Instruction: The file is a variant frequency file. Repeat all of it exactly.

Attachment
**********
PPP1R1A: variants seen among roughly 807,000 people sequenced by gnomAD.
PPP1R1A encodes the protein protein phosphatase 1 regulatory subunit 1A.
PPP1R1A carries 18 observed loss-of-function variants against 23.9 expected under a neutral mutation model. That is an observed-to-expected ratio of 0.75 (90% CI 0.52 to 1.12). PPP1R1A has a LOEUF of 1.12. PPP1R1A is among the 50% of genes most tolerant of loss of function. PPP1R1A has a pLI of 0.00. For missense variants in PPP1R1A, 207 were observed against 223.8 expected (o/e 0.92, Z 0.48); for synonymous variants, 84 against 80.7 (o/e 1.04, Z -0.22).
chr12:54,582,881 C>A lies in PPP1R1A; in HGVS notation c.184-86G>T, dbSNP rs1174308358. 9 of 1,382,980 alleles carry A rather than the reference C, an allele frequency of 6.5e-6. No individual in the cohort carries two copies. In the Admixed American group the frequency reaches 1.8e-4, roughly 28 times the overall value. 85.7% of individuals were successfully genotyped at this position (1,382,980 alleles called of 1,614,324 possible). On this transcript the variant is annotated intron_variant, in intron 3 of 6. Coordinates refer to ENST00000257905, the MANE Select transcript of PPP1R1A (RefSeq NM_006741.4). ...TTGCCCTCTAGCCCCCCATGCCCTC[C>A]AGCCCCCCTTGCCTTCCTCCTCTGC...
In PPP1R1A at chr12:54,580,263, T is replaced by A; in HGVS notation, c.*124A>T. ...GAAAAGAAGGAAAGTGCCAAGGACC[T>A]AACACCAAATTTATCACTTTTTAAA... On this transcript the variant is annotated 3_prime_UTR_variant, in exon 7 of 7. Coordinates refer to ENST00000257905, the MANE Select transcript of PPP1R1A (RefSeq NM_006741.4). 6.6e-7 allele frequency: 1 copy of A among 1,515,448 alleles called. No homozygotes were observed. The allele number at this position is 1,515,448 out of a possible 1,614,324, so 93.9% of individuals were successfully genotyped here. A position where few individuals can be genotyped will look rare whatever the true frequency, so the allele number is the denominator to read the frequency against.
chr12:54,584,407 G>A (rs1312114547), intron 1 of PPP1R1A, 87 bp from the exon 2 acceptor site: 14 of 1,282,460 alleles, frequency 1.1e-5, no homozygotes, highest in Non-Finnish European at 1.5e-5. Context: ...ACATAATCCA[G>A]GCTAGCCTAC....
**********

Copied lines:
PPP1R1A: variants seen among roughly 807,000 people sequenced by gnomAD.
PPP1R1A encodes the protein protein phosphatase 1 regulatory subunit 1A.
PPP1R1A carries 18 observed loss-of-function variants against 23.9 expected under a neutral mutation model. That is an observed-to-expected ratio of 0.75 (90% CI 0.52 to 1.12). PPP1R1A has a LOEUF of 1.12. PPP1R1A is among the 50% of genes most tolerant of loss of function. PPP1R1A has a pLI of 0.00. For missense variants in PPP1R1A, 207 were observed against 223.8 expected (o/e 0.92, Z 0.48); for synonymous variants, 84 against 80.7 (o/e 1.04, Z -0.22).
chr12:54,582,881 C>A lies in PPP1R1A; in HGVS notation c.184-86G>T, dbSNP rs1174308358. 9 of 1,382,980 alleles carry A rather than the reference C, an allele frequency of 6.5e-6. No individual in the cohort carries two copies. In the Admixed American group the frequency reaches 1.8e-4, roughly 28 times the overall value. 85.7% of individuals were successfully genotyped at this position (1,382,980 alleles called of 1,614,324 possible). On this transcript the variant is annotated intron_variant, in intron 3 of 6. Coordinates refer to ENST00000257905, the MANE Select transcript of PPP1R1A (RefSeq NM_006741.4). ...TTGCCCTCTAGCCCCCCATGCCCTC[C>A]AGCCCCCCTTGCCTTCCTCCTCTGC...
In PPP1R1A at chr12:54,580,263, T is replaced by A; in HGVS notation, c.*124A>T. ...GAAAAGAAGGAAAGTGCCAAGGACC[T>A]AACACCAAATTTATCACTTTTTAAA... On this transcript the variant is annotated 3_prime_UTR_variant, in exon 7 of 7. Coordinates refer to ENST00000257905, the MANE Select transcript of PPP1R1A (RefSeq NM_006741.4). 6.6e-7 allele frequency: 1 copy of A among 1,515,448 alleles called. No homozygotes were observed. The allele number at this position is 1,515,448 out of a possible 1,614,324, so 93.9% of individuals were successfully genotyped here. A position where few individuals can be genotyped will look rare whatever the true frequency, so the allele number is the denominator to read the frequency against.
chr12:54,584,407 G>A (rs1312114547), intron 1 of PPP1R1A, 87 bp from the exon 2 acceptor site: 14 of 1,282,460 alleles, frequency 1.1e-5, no homozygotes, highest in Non-Finnish European at 1.5e-5. Context: ...ACATAATCCA[G>A]GCTAGCCTAC....